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July 18, 2013 0

Arizona Aryan Brotherhood Member Convicted Of Hate Crime For Threatening Phoenix Officer

A Phoenix jury on July 10, 2013, con­victed a self-professed mem­ber of the Ari­zona Aryan Broth­er­hood, Brian Lee Harm, of one felony count of threat­en­ing the Phoenix Police Depart­ment offi­cer who had arrested him for tres­pass­ing in August 2012.  The con­vic­tion included a hate crime enhancement.brian-lee-harm

Accord­ing to the police report filed after Harm’s arrest, the offi­cer encoun­tered Harm while respond­ing to a call about a white male wav­ing his hands in the air and yelling at pass­ing vehi­cles.   When the offi­cer found him, Harm—who matched the descrip­tion called in—was attempt­ing to force open the slid­ing glass doors of a nearby office build­ing.  The offi­cer, and a sec­ond offi­cer who soon arrived at the scene, spoke with Harm and even­tu­ally placed him under arrest for trespassing. 

Fol­low­ing his arrest, Harm became angry and abu­sive, soon laps­ing into repeated crude eth­nic slurs.  Accord­ing to the offi­cer, Harm’s rhetoric esca­lated, with Harm threat­en­ing to injure or kill the offi­cer and to “make trou­ble” for all offi­cers in the area.  When Harm stated that he was a mem­ber of the Aryan Broth­er­hood (a ref­er­ence to the Ari­zona Aryan Broth­er­hood, a large and vio­lent white suprema­cist prison gang), the offi­cer began record­ing Harm’s remarks.

Among the recorded remarks Harm made was a threat to “beat nig­ger chil­dren, too, I don’t fu–in’ care.”  Harm said that he would have “all my Broth­er­hood broth­ers” come to the neigh­bor­hood and “you’ll pay the ulti­mate price.”  He told the offi­cer that “ni—rs won’t be safe in this neigh­bor­hood” and that “it’s gonna be tough to go out to din­ner for you now.”  His remarks included many more sim­i­lar com­ments, includ­ing addi­tional threats.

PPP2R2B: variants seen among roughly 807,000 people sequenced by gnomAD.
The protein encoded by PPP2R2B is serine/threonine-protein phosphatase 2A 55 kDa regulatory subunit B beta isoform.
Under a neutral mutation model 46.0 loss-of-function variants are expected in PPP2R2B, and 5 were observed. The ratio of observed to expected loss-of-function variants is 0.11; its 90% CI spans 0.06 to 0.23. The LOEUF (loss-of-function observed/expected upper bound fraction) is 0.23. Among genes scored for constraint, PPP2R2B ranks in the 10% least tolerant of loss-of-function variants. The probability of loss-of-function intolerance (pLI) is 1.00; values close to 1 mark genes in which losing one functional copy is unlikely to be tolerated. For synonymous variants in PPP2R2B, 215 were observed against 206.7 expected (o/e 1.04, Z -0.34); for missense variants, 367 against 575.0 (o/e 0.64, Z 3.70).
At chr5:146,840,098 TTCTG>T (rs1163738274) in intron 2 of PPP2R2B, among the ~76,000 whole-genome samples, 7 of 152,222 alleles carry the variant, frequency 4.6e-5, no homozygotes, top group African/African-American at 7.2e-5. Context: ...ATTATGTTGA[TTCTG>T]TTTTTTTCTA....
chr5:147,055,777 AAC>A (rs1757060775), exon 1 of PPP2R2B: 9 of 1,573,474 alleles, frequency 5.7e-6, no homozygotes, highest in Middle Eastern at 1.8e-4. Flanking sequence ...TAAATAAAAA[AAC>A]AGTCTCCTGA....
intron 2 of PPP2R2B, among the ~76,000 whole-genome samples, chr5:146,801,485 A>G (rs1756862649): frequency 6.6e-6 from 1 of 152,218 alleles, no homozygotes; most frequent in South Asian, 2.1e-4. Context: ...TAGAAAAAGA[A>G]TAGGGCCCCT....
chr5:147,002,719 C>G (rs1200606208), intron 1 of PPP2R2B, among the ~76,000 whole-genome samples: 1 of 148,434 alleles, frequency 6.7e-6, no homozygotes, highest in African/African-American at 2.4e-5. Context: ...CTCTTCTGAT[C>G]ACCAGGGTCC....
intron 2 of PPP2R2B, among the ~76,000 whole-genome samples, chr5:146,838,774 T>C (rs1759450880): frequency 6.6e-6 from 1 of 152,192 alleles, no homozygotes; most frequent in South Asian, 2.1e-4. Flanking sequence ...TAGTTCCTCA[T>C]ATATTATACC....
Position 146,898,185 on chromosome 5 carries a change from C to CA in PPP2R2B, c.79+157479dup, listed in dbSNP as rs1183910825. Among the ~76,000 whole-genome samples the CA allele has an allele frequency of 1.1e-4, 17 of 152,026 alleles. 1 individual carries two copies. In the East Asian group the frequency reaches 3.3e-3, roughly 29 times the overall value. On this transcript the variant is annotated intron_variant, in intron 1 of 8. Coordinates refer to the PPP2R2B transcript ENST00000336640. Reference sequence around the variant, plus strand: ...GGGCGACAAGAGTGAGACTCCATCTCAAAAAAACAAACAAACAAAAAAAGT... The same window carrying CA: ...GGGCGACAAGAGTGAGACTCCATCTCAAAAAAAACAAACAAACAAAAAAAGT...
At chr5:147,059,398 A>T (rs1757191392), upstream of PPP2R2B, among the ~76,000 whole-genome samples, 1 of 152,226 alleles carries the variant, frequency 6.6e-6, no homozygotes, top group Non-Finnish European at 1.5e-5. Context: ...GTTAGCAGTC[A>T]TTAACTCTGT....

Pros­e­cu­tors charged harm with felony threat­en­ing or intim­i­dat­ing as well as assist­ing a crim­i­nal street gang.  In Harm’s July 2013 trial, the jury acquit­ted Harm of the assist­ing a gang charge but found him guilty of threat­en­ing or intim­i­dat­ing.  Fur­ther­more, in the aggra­va­tion phase of delib­er­a­tions, the jury found that the offense involved the inflic­tion or threat­ened inflic­tion of seri­ous phys­i­cal injury, that the defen­dant com­mit­ted the offense with the intent to pro­mote, fur­ther or assist crim­i­nal con­duct by a crim­i­nal street gang, and that the offense was a bias crime (i.e., a hate crime).

Harm is cur­rently in the Mari­copa County Jail await­ing sentencing.

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July 17, 2013 33

Ventura County Deputies Kill White Supremacist Who Pointed Handgun

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Daniel Houfek, at center

Deputies with the Ven­tura County, Cal­i­for­nia, Sheriff’s Depart­ment shot and killed a promi­nent local white suprema­cist, Daniel Cur­tis Houfek, 42, on the evening of July 12, fol­low­ing a short vehi­cle pur­suit and confrontation.